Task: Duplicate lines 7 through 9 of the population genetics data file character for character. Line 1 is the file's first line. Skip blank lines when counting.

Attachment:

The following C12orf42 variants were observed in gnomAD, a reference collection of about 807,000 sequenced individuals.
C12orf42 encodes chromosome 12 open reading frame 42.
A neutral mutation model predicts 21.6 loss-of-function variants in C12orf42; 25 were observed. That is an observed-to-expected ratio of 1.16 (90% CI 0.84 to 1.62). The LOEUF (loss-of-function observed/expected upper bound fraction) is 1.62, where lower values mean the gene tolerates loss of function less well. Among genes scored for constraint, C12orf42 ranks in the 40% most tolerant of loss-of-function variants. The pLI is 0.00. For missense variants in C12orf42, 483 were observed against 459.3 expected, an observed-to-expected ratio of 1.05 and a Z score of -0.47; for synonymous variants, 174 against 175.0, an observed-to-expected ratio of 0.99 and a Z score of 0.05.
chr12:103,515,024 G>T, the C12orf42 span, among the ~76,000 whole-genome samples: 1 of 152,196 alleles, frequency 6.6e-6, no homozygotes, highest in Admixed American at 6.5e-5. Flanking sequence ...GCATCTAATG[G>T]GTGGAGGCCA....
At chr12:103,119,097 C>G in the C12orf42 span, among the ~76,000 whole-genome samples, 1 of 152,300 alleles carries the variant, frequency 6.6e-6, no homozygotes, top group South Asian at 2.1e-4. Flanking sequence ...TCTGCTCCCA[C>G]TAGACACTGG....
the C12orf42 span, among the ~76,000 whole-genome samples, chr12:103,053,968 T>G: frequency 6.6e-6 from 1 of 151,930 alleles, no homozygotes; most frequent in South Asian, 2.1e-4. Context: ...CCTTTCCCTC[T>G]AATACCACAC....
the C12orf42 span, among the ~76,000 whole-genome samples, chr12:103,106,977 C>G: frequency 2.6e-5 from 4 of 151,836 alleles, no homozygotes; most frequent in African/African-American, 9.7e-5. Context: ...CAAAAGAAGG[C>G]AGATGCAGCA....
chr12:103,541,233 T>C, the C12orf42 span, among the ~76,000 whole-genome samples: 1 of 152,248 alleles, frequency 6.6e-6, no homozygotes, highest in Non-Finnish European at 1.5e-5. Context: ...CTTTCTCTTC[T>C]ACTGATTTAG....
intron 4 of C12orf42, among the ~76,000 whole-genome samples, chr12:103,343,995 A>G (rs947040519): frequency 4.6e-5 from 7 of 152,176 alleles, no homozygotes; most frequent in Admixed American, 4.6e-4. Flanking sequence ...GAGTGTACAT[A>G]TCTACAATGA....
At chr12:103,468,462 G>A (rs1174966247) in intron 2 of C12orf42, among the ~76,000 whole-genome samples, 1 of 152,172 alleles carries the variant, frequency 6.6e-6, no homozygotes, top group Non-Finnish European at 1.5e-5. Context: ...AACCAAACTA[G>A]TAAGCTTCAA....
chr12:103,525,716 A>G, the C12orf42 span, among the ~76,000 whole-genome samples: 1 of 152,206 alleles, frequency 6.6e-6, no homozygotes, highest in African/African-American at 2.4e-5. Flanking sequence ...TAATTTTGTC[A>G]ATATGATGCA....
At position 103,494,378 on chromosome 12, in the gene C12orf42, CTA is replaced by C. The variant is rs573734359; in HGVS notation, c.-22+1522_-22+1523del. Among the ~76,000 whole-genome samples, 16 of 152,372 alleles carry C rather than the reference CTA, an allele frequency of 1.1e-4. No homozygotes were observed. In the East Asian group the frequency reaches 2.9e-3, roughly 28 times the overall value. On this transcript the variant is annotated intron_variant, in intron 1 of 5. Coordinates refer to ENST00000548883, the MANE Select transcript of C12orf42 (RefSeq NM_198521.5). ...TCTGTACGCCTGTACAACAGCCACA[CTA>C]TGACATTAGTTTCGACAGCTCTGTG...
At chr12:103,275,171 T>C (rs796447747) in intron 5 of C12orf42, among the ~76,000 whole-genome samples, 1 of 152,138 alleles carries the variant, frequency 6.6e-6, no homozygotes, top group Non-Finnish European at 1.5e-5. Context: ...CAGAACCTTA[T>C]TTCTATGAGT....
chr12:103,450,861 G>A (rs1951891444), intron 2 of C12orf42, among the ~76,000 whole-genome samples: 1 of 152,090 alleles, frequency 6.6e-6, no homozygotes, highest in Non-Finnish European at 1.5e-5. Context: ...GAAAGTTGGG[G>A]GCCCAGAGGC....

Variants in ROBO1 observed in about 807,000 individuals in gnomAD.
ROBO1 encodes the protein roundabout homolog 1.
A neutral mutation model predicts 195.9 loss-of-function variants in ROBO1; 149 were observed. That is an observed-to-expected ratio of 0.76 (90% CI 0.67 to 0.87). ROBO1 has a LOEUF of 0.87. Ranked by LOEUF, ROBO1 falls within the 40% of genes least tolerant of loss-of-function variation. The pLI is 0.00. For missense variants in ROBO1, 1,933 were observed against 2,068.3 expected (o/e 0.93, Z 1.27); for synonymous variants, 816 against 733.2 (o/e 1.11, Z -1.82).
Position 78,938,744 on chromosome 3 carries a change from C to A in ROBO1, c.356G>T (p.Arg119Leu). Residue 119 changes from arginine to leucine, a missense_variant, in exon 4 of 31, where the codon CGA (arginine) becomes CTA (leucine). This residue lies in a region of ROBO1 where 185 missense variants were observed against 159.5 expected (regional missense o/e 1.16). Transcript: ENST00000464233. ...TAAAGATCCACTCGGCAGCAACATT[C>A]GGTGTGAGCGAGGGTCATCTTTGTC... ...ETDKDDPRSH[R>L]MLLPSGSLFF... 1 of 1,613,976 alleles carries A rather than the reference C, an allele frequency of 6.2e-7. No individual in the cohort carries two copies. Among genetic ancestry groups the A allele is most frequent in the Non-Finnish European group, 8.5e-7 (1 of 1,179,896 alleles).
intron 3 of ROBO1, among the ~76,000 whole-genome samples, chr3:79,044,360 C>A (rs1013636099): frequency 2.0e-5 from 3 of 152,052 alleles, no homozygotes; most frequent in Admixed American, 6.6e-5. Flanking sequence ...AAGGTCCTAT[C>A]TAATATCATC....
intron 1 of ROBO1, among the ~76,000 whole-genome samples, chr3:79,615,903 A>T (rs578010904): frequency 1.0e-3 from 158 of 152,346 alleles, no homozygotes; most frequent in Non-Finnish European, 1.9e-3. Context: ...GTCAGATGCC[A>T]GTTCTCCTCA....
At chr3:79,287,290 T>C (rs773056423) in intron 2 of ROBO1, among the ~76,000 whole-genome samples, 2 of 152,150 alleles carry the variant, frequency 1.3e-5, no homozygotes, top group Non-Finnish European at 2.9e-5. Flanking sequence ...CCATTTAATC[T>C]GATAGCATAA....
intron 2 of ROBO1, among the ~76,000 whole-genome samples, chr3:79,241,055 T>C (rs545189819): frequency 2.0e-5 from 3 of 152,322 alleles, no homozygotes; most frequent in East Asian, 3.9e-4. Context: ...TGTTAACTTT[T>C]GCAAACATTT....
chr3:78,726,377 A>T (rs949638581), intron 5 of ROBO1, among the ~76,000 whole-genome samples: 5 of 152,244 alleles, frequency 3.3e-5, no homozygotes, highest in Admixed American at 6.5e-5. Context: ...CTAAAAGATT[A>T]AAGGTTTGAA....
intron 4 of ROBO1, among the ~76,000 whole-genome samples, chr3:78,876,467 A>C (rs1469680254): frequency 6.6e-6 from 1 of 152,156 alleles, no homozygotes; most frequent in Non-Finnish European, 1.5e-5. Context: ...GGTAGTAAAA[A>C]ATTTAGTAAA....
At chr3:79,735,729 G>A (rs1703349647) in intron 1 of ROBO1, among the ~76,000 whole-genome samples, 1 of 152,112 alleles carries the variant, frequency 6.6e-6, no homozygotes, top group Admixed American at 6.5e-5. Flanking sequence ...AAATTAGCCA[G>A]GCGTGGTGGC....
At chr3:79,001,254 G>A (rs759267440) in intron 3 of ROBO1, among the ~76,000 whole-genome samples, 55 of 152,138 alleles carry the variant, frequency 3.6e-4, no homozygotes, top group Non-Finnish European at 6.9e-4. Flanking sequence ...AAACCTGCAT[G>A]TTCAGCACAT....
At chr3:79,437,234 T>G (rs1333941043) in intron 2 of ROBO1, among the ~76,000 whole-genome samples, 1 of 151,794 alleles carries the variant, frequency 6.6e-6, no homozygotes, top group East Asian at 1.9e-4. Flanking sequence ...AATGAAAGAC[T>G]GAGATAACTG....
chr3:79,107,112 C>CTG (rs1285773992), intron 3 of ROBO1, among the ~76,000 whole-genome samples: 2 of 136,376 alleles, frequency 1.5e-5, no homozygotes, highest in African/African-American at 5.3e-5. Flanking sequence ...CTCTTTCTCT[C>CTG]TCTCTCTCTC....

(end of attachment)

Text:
the C12orf42 span, among the ~76,000 whole-genome samples, chr12:103,106,977 C>G: frequency 2.6e-5 from 4 of 151,836 alleles, no homozygotes; most frequent in African/African-American, 9.7e-5. Context: ...CAAAAGAAGG[C>G]AGATGCAGCA....
chr12:103,541,233 T>C, the C12orf42 span, among the ~76,000 whole-genome samples: 1 of 152,248 alleles, frequency 6.6e-6, no homozygotes, highest in Non-Finnish European at 1.5e-5. Context: ...CTTTCTCTTC[T>C]ACTGATTTAG....
intron 4 of C12orf42, among the ~76,000 whole-genome samples, chr12:103,343,995 A>G (rs947040519): frequency 4.6e-5 from 7 of 152,176 alleles, no homozygotes; most frequent in Admixed American, 4.6e-4. Flanking sequence ...GAGTGTACAT[A>G]TCTACAATGA....